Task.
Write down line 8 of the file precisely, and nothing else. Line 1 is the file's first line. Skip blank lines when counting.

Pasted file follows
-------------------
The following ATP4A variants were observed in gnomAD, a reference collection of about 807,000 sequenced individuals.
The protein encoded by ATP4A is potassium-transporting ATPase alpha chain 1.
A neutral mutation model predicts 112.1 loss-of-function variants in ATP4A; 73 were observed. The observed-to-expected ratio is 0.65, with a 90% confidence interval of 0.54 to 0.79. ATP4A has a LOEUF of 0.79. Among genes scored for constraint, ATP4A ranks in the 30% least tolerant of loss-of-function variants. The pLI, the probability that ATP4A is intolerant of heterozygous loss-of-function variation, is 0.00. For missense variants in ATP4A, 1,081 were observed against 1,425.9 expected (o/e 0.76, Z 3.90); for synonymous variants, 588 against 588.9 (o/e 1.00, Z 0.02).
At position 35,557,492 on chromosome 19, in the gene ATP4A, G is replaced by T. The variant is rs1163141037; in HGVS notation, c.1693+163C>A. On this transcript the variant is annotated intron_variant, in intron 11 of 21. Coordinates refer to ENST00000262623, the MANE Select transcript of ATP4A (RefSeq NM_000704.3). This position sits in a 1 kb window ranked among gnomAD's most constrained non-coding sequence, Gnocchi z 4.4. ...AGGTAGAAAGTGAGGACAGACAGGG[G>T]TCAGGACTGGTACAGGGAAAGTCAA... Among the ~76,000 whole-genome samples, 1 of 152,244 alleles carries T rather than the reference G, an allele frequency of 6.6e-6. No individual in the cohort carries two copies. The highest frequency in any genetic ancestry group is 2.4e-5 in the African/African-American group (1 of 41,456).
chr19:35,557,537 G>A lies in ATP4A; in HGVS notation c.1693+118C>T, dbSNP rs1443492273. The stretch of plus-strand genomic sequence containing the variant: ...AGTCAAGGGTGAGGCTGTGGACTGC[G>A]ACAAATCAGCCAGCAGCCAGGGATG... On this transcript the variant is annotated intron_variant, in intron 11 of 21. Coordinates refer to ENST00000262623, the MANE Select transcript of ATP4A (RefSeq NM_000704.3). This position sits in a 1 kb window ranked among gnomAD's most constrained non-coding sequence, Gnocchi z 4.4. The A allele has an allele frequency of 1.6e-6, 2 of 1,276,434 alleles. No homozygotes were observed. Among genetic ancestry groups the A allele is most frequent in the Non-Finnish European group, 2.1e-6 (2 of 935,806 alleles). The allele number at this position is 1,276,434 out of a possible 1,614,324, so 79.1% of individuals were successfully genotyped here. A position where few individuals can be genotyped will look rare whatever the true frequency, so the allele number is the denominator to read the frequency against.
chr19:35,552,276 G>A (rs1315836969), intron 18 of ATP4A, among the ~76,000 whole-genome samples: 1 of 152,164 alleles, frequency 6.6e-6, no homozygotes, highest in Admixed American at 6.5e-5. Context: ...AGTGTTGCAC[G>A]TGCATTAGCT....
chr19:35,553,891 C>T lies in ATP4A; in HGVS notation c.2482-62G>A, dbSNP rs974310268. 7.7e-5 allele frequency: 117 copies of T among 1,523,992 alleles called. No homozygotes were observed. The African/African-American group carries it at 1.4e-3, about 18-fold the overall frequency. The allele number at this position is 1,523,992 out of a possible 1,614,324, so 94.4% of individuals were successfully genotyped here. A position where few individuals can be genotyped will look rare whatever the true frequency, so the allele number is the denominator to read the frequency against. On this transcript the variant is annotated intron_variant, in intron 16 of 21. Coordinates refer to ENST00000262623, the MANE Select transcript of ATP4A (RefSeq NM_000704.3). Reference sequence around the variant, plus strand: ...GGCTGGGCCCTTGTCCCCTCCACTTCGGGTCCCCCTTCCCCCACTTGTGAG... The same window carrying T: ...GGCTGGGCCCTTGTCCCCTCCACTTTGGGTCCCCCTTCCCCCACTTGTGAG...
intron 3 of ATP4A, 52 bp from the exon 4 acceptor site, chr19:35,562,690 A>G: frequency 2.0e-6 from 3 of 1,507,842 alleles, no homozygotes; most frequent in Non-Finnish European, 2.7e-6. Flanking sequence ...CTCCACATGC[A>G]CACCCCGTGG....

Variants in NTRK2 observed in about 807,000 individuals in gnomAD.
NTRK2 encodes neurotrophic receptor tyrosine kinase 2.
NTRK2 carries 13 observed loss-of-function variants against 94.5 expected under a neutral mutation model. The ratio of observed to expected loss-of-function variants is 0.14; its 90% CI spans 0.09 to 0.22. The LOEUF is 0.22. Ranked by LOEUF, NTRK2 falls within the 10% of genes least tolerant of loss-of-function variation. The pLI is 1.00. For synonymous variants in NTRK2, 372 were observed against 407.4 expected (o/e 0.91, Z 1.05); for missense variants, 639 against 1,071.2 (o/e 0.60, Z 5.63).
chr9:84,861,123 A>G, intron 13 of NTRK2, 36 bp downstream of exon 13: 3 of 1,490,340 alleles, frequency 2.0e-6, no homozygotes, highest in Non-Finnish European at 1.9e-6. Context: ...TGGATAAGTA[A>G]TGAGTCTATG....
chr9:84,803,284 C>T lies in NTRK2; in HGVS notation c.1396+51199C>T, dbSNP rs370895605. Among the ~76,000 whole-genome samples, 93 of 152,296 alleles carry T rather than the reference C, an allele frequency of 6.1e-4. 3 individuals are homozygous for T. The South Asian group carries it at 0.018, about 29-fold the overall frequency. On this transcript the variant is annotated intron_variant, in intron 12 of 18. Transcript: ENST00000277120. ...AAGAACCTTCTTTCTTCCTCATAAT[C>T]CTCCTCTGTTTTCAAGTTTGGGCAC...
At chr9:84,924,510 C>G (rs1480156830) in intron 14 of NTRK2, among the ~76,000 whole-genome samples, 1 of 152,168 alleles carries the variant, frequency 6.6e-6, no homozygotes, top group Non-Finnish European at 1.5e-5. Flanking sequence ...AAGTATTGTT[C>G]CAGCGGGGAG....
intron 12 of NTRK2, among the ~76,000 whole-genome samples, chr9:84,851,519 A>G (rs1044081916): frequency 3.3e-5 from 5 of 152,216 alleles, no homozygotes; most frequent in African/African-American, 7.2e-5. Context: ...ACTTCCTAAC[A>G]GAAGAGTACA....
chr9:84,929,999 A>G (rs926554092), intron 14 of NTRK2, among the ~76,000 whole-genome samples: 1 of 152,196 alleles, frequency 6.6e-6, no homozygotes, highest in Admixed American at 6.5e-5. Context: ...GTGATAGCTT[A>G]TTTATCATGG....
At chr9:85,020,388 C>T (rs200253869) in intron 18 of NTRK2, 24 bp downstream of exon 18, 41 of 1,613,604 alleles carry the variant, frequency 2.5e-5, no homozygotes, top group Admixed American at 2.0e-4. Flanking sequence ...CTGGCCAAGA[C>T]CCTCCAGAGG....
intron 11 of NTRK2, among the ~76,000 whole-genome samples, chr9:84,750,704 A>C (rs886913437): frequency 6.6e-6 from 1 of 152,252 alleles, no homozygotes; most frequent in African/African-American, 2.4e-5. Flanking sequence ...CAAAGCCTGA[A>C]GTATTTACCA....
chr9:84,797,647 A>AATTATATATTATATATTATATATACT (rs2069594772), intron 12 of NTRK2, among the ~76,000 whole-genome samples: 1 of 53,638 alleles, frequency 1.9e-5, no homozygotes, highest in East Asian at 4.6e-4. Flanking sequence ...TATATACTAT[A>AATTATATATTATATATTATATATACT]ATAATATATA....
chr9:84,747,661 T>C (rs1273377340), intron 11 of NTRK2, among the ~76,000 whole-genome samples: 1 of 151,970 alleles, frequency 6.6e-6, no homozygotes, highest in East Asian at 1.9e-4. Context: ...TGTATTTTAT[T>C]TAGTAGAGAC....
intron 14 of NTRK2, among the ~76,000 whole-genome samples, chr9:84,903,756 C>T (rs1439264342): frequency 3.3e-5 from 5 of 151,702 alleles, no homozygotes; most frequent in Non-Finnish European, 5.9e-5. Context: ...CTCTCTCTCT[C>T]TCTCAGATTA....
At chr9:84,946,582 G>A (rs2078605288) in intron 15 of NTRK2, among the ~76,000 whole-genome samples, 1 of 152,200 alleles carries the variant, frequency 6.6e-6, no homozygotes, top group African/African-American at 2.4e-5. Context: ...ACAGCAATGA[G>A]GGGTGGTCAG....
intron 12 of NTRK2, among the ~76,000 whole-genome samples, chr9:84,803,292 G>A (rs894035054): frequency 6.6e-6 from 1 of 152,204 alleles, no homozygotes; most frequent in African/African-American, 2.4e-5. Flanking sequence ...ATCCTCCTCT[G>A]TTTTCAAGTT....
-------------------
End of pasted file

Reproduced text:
intron 3 of ATP4A, 52 bp from the exon 4 acceptor site, chr19:35,562,690 A>G: frequency 2.0e-6 from 3 of 1,507,842 alleles, no homozygotes; most frequent in Non-Finnish European, 2.7e-6. Flanking sequence ...CTCCACATGC[A>G]CACCCCGTGG....